Credit: Tatiana Ayazo

If you have gout, a form of inflammatory arthritis known for causing painful flares in the big toe, your doctor may have prescribed a maintenance medicine like allopurinol. This treatment aims to prevent future gout flares by reducing uric acid levels in the bloodstream. Recent research suggests that there may be an additional benefit to keeping uric acid low: it could lower your risk of painful fractures.

Although studies are mixed, research has found that simply having gout might be a risk factor for osteoporosis and related fractures (bone breaks). A group of international researchers investigated whether keeping uric acid levels down to a target level could mitigate osteoporosis risk and provide protection against fractures. Their findings, published in Arthritis & Rheumatology, indicate that it does.

To conduct the study, researchers used a newer type of methodology that relies on observational data but aims to mimic the rigor of a randomized clinical trial. The analysis focused on more than 28,000 people with gout, projecting their likelihood of having a hip fracture within 5 years based on whether they reached a target serum urate level (amount of uric acid in the bloodstream). The results showed that those who took medication to lower uric acid below the predetermined target level had a lower risk of hip fracture compared to those who did not reach the target.

The authors of the study noted that they found similar results when it came to the risks of different types of fractures, including composite fracture (a combination of various types of fractures), major osteoporotic fracture, vertebral fracture, and non-vertebral fracture. These findings suggest that maintaining a specific target level of uric acid in the bloodstream, known as “treat-to-target [serum urate] level,” through the use of urate-lowering therapy could potentially help reduce the risk of fractures in individuals with gout.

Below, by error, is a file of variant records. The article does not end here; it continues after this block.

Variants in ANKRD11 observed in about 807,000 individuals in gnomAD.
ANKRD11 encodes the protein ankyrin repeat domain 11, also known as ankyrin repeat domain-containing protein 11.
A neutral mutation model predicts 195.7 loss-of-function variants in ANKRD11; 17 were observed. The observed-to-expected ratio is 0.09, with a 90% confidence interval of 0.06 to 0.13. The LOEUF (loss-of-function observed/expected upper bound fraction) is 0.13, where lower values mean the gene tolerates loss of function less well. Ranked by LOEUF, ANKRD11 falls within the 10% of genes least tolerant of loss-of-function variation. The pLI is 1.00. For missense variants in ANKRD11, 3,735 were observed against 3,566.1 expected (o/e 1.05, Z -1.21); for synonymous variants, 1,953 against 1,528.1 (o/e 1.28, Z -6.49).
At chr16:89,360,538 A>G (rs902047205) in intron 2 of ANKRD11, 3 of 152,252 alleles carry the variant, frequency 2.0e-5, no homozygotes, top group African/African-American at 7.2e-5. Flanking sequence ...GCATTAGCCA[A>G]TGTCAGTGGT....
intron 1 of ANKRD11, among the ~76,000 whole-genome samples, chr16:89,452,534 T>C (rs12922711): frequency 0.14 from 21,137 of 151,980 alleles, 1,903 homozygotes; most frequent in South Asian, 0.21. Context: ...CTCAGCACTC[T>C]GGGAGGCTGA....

The exact reasons why uric-lowering treatment might have this benefit are not fully understood. However, there are a few theories that researchers have proposed. One theory is that high levels of uric acid can lead to oxidative stress and excessive inflammation, which may hinder the formation of new bone. Another theory suggests that elevated uric acid levels could affect vitamin D or parathyroid hormone levels, which in turn can negatively impact bone health.

For now, the primary reason to continue taking urate-lowering medications, such as allopurinol, is to prevent painful gout attacks. Although more research is needed, it is possible that in the future, we may discover additional benefits such as improved bone strength.

What This Means for You

Understanding this potential benefit is crucial for patients with gout as it emphasizes the significance of managing uric acid levels, not only to prevent gout attacks but also to promote improved bone health and minimize fracture risks. By actively addressing uric acid levels through appropriate treatment, individuals with gout can potentially reduce their chances of experiencing fractures and enhance their overall well-being.

Strong Bones & Me

The Global Healthy Living Foundation’s global initiative, Strong Bones & Me, was designed to support people in better understanding their bone health and osteoporosis, including fractures, prevention, and post-fracture care. To learn more, visit https://strongbonesandme.org/.


Wang, Y., et al. Association of gout with osteoporotic fractures. International Orthopaedics. 2018. doi: https://doi.org/10.1007/s00264-018-4033-5.

Wei, Jie, et al. “Lowering Serum Urate with Urate‐lowering Therapy to Target and Incident Fracture among People with Gout.” Arthritis & Rheumatology. March 20, 2023. doi: https://doi.org/10.1002/art.42504.

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